Boy was I in for a surprise! Turns out that there was a murder mystery underway at Bleddyn Hall and Tresham was the main target for. As Isabel was being ignored by her previously loving fiance I was left wondering why she would put up with it and why she wouldn’t just go back to her aunt and uncle in London. Surely if Tresham really loved Isabel he wouldn’t be so mean to her, even if he is distraught after the death of his father?!

 

I was proved wrong after Isabel and Tresham’s younger brother Clement started investigating what was happening themselves in secret after they discovered that a long forgotten brother Ewan was the cause of both murders. And surprisingly in the end it turns out Ewan is actually Tresham’s twin brother and had locked him away and was masquerading as him. Which explains why Tresham had been acting so odd compared to everything we knew about him up until his fathers death.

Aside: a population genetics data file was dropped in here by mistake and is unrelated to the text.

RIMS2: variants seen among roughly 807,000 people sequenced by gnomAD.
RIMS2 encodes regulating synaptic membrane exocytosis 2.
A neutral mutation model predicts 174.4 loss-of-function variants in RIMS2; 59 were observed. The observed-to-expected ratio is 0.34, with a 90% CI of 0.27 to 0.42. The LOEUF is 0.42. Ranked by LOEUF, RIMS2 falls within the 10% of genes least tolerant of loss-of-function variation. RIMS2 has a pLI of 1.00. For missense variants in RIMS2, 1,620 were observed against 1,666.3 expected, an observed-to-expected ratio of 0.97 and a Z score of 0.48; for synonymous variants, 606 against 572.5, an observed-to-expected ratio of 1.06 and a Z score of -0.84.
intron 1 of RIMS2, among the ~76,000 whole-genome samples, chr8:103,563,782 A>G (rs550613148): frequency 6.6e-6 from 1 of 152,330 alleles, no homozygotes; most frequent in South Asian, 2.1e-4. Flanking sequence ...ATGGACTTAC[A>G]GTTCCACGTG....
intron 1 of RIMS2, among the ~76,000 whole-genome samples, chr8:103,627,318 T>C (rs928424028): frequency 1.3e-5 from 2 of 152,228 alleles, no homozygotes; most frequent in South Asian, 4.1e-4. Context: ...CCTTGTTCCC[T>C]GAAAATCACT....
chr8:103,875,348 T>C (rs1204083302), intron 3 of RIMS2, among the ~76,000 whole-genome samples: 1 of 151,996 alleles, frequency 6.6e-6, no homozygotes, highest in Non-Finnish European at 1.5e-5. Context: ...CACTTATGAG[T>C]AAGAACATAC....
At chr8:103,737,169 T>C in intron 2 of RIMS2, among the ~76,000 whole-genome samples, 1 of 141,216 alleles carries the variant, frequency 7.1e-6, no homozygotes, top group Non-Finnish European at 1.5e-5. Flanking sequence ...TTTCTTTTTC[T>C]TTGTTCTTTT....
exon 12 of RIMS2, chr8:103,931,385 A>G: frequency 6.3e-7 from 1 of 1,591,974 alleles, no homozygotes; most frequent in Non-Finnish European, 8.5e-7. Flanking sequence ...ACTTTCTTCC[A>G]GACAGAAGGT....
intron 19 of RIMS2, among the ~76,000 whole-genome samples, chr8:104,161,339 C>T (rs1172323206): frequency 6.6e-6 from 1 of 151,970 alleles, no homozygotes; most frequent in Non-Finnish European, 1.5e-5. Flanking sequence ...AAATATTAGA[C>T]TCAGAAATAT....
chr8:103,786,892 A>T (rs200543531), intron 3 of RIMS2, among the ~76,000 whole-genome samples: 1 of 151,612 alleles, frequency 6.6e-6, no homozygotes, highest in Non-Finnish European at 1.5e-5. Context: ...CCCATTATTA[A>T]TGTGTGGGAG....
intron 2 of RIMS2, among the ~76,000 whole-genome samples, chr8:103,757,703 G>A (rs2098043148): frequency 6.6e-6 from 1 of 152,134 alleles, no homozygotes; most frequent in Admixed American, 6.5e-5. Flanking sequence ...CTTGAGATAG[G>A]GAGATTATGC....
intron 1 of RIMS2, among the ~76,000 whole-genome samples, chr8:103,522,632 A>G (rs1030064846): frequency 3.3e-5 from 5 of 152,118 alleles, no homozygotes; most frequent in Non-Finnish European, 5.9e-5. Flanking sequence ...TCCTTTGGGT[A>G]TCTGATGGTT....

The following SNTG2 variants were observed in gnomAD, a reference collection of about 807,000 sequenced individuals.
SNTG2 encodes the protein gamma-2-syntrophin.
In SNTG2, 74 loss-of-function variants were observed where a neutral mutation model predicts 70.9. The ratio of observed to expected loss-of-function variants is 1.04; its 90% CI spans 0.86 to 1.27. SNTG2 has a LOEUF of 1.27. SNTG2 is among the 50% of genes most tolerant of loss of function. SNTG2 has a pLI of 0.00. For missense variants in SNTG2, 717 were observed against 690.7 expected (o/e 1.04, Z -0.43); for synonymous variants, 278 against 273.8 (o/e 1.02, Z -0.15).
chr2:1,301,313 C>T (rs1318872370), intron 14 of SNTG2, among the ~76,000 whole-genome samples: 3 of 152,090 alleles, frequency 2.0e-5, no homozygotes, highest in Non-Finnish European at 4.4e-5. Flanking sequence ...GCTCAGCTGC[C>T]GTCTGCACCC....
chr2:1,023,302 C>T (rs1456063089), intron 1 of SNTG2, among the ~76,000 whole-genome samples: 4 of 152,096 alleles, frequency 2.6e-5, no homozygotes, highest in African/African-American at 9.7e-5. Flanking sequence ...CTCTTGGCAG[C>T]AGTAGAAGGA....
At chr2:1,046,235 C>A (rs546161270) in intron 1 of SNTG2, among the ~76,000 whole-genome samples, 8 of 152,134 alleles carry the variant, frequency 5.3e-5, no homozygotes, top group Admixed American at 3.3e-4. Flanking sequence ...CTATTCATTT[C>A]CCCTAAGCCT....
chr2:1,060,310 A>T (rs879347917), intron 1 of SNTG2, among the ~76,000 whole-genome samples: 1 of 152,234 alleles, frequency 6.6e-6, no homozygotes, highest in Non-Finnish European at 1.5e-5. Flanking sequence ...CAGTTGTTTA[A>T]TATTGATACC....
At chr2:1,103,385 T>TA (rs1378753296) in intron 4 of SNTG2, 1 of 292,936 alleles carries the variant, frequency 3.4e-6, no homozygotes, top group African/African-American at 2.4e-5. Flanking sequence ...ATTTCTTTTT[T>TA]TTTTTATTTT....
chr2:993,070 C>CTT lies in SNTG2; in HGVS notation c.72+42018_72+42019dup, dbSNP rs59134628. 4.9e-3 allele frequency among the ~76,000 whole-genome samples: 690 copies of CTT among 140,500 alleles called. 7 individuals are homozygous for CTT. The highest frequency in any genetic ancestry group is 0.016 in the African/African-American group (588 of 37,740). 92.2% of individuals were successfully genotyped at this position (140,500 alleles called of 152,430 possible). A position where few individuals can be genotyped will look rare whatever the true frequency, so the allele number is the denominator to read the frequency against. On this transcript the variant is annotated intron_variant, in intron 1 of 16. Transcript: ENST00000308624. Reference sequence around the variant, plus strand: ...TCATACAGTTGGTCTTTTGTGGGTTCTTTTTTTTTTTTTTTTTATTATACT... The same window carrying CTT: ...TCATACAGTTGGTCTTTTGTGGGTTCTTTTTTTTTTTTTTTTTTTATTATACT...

After a bit of planning, Isabel and Clement manage to get the key to Tresham’s cell and work to break him out. But not after two sinister encounters with Ewan where they needed to pretend like they didn’t know it was actually Ewan, and not Tresham. The first encounter with Ewan was Isabel taking breakfast in a sun room where Ewan unexpectedly joined her. Unfortunately, although Ewan starts of well imitating a gentleman he inevitably reverts to his nefarious ways and attempts to rape Isabel. Luckily Isabel is able to fight him off long enough for Clement and a couple of servants to come rushing in and ensure her safety in that moment.